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Friday, January 31, 2014

Nod To Adam Warlock In Thor The Dark World

Despite what you may have thought about Thor The Dark World, the end credit scene where we get the first glimpse of Benecio Del Toro as the Collector also gives a nod to none other than Adam Warlock. You may have missed it like I did, but there's the scene above.

In the scene, we see a cocoon form encased, and as most comic fans of the character knows, Adam Warlock's first appearances in the comics have him in cocoon form starting with Fantastic Four #66. It's only until issue #67 when the character comes out to briefly reveal himself as his first incarnation HIM and we discover the first origin of the character.

This has been exciting news. Many who have speculated before that Adam Warlock would be getting some screen time because the character is deeply linked with The Guardians of the Galaxy are now hastily confirming that Adam Warlock is primed to make an onscreen appearance on the big screen.

I've also been encouraging that Adam Warlock will inevitably see the big screen when Guardians was announced, and I have no doubt that he will. However, does this end credit scene definitely confirms the character will be introduced soon?

It could be. He could be introduced in the first Guardians flick or the sequel. Nobody's really sure just yet. Nevertheless, the film could just be giving a nod to the character, much like how the original android Human Torch was given a nod to in Captain America The First Avenger.

While I don't think the android Human Torch will be seeing an onscreen debut aside from what he received in the first Cap film, I do think it's more likely Adam Warlock will bust out and start kicking some cosmic butt in the very near future.

So for all of you who have gotten the many first appearances of this cosmic comic character that stretches across The Fantastic Four, Thor, and Marvel Premiere comic titles, just hold tight and relax. Prices for CGC copies are already seeing a nice bump in value and demand. Unslabbed copies not so much.

What does this mean? It means those key issues are simmering, just waiting for confirmation before they start to boil. It also means you still got a little bit more time to snag these Adam Warlock keys if you haven't yet, but not too long. They're not hard finds.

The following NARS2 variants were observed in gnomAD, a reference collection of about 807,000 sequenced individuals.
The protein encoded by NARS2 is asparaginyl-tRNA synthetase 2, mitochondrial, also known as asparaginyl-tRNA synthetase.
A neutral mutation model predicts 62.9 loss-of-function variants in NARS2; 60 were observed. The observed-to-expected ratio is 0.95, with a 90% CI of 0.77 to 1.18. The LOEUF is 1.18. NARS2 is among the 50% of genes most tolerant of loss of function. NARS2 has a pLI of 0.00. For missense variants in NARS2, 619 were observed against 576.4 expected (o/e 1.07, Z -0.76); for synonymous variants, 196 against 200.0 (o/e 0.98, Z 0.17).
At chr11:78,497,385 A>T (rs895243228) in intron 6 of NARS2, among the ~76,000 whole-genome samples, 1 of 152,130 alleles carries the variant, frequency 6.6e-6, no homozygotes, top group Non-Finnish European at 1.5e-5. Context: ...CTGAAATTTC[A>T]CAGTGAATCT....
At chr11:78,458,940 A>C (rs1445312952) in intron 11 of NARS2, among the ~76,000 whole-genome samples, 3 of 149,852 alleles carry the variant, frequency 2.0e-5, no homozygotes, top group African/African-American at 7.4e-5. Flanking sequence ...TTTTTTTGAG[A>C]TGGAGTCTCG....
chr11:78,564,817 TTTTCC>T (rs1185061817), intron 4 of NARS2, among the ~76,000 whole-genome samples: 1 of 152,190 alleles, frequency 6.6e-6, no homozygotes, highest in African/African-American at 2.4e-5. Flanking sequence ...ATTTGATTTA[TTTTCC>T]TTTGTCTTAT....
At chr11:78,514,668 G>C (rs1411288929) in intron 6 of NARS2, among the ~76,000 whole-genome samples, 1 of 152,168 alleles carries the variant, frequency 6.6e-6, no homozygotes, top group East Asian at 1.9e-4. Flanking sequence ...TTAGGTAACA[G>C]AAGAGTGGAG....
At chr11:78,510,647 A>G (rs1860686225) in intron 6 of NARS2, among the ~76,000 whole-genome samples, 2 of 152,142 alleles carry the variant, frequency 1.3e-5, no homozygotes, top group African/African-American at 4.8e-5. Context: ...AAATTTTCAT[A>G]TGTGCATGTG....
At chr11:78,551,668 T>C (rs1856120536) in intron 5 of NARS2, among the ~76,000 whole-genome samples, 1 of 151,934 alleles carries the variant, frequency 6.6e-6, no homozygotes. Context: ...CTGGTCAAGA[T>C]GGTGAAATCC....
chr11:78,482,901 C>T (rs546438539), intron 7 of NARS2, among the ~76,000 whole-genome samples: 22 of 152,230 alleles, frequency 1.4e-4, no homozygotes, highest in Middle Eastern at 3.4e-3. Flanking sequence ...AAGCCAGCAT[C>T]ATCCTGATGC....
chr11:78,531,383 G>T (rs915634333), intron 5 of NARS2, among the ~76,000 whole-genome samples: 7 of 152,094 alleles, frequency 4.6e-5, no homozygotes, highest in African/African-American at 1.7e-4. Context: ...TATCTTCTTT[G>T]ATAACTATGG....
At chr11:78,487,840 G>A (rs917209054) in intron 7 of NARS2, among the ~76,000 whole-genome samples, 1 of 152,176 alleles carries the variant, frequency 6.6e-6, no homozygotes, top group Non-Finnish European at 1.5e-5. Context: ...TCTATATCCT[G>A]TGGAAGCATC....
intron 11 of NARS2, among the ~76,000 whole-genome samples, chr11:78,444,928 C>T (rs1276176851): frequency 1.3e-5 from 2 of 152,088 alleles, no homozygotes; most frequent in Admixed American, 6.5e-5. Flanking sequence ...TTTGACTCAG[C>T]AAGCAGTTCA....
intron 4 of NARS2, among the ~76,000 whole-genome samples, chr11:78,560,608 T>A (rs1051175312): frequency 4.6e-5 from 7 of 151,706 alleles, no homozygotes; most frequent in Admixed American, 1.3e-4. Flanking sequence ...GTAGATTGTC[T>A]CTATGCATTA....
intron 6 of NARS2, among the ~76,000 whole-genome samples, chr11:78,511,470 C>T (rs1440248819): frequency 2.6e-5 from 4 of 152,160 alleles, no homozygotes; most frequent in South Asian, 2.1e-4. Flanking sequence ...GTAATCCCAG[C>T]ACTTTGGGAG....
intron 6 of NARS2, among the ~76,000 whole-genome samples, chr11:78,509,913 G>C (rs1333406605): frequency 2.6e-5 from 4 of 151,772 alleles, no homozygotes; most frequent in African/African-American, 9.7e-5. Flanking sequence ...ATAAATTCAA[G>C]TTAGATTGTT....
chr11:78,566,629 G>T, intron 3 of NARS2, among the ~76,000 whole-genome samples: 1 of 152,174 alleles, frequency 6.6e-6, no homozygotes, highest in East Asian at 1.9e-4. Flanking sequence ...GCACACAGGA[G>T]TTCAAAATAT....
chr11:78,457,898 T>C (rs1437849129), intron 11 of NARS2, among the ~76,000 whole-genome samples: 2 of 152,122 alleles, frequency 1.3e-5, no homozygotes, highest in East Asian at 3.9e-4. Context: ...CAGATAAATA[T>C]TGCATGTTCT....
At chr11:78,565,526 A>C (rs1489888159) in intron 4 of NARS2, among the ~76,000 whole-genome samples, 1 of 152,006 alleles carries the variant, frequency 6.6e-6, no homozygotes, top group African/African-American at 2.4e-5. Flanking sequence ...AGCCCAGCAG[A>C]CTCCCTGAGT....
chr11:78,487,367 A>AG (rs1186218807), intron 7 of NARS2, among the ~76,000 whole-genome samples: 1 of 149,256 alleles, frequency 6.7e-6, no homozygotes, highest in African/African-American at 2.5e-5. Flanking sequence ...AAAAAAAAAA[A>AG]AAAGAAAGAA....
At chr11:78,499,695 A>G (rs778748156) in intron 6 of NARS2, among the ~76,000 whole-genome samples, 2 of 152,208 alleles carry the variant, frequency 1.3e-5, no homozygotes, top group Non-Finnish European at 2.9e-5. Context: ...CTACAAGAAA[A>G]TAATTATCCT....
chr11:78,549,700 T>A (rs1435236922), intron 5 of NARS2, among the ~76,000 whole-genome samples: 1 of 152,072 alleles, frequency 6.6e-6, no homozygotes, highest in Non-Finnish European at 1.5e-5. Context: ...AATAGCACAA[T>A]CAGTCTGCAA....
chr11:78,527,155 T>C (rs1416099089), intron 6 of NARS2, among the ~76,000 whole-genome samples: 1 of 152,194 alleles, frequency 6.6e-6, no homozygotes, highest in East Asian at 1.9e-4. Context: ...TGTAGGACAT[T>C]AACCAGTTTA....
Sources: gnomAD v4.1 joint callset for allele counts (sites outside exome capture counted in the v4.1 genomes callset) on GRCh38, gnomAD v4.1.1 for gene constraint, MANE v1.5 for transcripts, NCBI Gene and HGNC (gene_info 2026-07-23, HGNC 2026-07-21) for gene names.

I know I've detailed Adam Warlock's key first appearances already but let's briefly recap for some of those who may have just chanced upon Total comic Mayhem.

 Fantastic Four #66

Fantastic Four #66 is part one, or the beginning, to the origin of Adam Warlock as HIM. In this issue, the Fantastic Four first discovers the character in cocoon form, but we do not see HIM at all. The character does not make an appearance. So, technically this issue is not considered a first appearance, but it is still a very important issue concerning the character of Adam Warlock's origin.

  Fantastic Four #76

In part two to the origin of Adam Warlock as HIM in Fantastic Four #67, the Fantastic Four finally discovers what's inside the cocoon, and the character of Adam Warlock as HIM is revealed to all. Consequently, this issue is, at least for now, regarded as the first brief appearance of HIM (Warlock) in the comic industry, not the first full appearance of the character. Both the Fantastic Four issues 66 and 67 comics were published in 1967.

Thor #165

For some reason this appearance of the character of HIM is regarded as his first full appearance in the world of comics. It was published nearly two years after Fantastic Four #66 and 67 in 1969. The next issue, Thor #166, is considered the second appearance of Adam Warlock's short-lived career as HIM in the Marvel Comics universe. He also battles The Mighty Thor in issue #166.

Marvel Premiere #1

The origin of HIM being reborn as Adam Warlock. Here is where the character of HIM is revamped as the famous cosmic character we are more familiar with today. In a sense, it is the first appearance of Adam Warlock as Adam Warlock and not HIM, but the industry doesn't agree since Roy Thomas and Gil Kane consciously revamped the character from HIM and pointed to who Warlock was originally in the comics. Nevertheless, it's an important key issue for the character. This issue came out during the bronze age in 1972.

You can find super affordable unslabbed copies on eBay of Fantastic Four #67 as well as a few CGC graded copies. There's also a few copies of Marvel Premiere #1, mostly unslabbed copies as well. Just visit the links to check out the eBay search results for those two key issue comics.

Wednesday, January 29, 2014

Comic Collectors Tools Pt. 1

By: Gerry D.

Every serious comic collector wants to keep track of his or her collection and the value of their books, so I've decided to make a list of some comic book resources like price guides, online databases and libraries, and organization software.